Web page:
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Forgiving: A Journey

I’ve never really known how to forgive. Not properly. I didn’t learn it from my mom’s silent treatment or my father’s quiet built-up anger. And there are a lot of things I learned from my family. My mom was always true to herself, so I learned to be unafraid of being silly and weird around any setting. My father, who is the strong/silent type, taught me that love comes in different forms, but it doesn’t mean that love is any less. My brother taught me to enjoy the little moments. But forgiveness was something I had to learn on my own.

When I was younger, forgiveness was more so for the sake of relationships. When people upset me, I was quick to forgive to get away from the arguing. But I soon realized that forgiving that way didn’t mean I was over the argument or the hurt. My anger towards these little things would build back up and grow resentment towards those who hurt me. This is when I learned that forgiveness had a lot more steps to it.

"Without forgiveness, life is governed by an endless cycle of resentment and retaliation." - Roberto Assagioli

When I got a bit older, I avoided those who hurt me and cut them out completely rather than talking it out and forgiving them. I had difficulty getting over these feelings and felt that the best solution was to just cut and run. This can work for some people, but honestly, even without those people around, those feelings remained in me.

Lately, I’ve been recognizing what I need from others better, and what I need from myself. I recognize that holding onto that grief and resentment is my choice. I’ve found that I can forgive others. It’s just a matter of what I want.

Sometimes we get put in situations where it feels impossible to forgive. Or sometimes we’ve forgiven, but that person keeps putting us in the same situations and our forgiveness feels in vain. Forgiveness doesn’t have to be breaking your boundaries, and it doesn’t have to be impossible.

My father and I never really got along much. We argued over every little thing as I grew up. Whether we misunderstood each other or we were just too stubborn to lose the argument, we would blow up at each other, too angry to hear any side but our own. My father would shut down the argument, telling me to go to my room even when I was old enough to make these decisions on my own. He would argue that it was his house and I couldn’t argue with him. When we argued, our authoritative household suddenly became authoritarian. I learned to be resentful of him. I learned to feel frustrated the second we started speaking to each other, even if it was a positive conversation.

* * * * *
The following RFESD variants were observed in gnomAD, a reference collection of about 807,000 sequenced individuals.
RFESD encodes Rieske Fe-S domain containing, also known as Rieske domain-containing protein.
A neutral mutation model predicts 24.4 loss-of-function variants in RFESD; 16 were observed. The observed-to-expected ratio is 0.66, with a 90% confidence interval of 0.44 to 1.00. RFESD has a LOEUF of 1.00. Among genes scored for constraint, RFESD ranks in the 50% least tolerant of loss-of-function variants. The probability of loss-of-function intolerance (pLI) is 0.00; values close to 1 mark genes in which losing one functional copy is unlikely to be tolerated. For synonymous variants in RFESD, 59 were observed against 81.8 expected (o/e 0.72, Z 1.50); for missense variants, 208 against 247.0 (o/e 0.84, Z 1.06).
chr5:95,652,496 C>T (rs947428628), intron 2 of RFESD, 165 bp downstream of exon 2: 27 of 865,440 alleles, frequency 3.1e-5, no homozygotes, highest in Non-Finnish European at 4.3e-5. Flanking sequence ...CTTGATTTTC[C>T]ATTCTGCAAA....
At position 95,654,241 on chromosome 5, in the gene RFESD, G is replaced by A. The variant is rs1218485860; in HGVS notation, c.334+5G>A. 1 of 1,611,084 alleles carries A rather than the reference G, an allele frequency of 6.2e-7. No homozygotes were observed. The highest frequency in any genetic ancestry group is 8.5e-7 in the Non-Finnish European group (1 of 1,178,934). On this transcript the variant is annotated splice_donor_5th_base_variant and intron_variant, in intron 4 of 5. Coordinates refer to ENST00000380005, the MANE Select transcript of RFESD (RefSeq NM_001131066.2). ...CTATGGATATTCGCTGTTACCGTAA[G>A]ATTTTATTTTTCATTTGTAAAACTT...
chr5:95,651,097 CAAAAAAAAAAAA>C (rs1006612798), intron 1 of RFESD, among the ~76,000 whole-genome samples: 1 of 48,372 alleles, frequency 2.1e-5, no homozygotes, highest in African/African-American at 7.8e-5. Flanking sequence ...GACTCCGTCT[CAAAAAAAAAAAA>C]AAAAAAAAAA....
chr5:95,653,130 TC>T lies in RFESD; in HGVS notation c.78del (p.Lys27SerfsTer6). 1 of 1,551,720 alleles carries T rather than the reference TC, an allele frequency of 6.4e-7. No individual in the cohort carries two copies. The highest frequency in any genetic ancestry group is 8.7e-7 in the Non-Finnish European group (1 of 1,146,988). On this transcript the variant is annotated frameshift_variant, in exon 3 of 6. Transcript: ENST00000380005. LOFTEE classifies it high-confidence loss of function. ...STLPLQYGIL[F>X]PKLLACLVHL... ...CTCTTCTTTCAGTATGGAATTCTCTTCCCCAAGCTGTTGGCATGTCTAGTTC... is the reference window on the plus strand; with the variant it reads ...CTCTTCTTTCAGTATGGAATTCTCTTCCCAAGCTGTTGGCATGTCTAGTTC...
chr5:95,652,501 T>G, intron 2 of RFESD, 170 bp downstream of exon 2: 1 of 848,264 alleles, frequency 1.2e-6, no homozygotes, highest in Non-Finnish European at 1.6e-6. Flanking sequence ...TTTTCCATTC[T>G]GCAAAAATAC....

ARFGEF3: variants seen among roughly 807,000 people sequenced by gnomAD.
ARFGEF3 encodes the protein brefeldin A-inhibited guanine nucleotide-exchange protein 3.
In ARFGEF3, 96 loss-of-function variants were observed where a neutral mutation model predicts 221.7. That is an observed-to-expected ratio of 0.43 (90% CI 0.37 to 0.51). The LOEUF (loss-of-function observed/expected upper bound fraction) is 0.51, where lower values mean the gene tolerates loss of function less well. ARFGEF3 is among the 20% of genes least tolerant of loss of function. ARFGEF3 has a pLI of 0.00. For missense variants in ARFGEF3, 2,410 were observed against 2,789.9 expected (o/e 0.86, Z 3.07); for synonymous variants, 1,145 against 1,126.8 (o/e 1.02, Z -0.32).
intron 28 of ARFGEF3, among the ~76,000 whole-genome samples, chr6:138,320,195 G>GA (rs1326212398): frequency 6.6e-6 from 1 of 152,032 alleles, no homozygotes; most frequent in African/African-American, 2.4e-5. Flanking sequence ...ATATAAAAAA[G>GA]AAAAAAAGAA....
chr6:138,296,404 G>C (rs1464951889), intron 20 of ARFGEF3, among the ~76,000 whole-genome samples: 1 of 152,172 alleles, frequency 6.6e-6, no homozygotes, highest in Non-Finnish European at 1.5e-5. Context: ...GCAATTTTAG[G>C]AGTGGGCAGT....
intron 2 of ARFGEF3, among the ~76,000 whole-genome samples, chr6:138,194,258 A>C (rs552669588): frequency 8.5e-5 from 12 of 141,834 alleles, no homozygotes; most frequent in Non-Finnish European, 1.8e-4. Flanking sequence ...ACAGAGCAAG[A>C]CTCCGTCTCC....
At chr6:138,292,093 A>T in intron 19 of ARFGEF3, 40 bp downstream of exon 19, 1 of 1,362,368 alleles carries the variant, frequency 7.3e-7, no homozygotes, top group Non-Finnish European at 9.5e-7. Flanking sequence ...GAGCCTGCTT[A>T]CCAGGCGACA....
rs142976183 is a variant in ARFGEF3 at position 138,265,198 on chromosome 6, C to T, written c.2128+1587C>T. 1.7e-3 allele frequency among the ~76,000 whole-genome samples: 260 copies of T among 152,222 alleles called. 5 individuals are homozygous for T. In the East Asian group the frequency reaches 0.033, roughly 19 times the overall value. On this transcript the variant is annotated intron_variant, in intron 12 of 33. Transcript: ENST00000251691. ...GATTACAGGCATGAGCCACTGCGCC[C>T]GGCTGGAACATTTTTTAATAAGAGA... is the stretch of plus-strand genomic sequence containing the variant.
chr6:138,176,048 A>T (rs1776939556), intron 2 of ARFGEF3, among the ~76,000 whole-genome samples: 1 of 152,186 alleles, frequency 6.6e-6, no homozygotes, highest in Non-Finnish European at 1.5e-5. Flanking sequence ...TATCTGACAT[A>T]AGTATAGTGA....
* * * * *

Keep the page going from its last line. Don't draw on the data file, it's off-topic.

I didn’t want that for us, not for a second. When I was younger, he would play princess monopoly with me when no one else would. I have memories of him showing up for my recitals and making mac n cheese for me every time I asked. And memories of us having movie nights and long drives to girl scouts.

I remembered one time when I was too sick to go to school. My father stayed home and excitedly showed me all his favorite movies. I asked questions, too many for when you’re watching a movie. But he never got annoyed with it. He would answer each question diligently, making sure I understood every aspect of this film that he treasured. Then we would continue watching and laughing through the movie.

But we had gotten so far from those times. And I wanted to heal us, but that resentment had always held me back. And I recognize that sometimes forgiveness takes time and sometimes forgiveness isn’t what you really need. But I also recognized that I don’t have to live with that pent-up resentment and anger. I wanted to forgive.

“Take forgiveness slowly. Don't blame yourself for being slow. Peace will come." -Yoko Ono

Defining Forgiveness

Forgiveness looks different to everyone.

For a long while, I knew I was seeking something to make my relationship with my father better. What I really wanted was to fix it, bring it all back to before I got hurt so I can feel at peace with it again. So I could have no anxieties about being hurt again and I could trust the way I did before. Eventually, I realized what I was seeking had to come from inside. I had held a grudge against others, including my father, for so long, feeling the resentment and betrayal I had felt when they hurt me that I failed to recognize their efforts to fix it. I was failing to recognize I didn’t need to be hurt anymore and that I had the choice to let that go.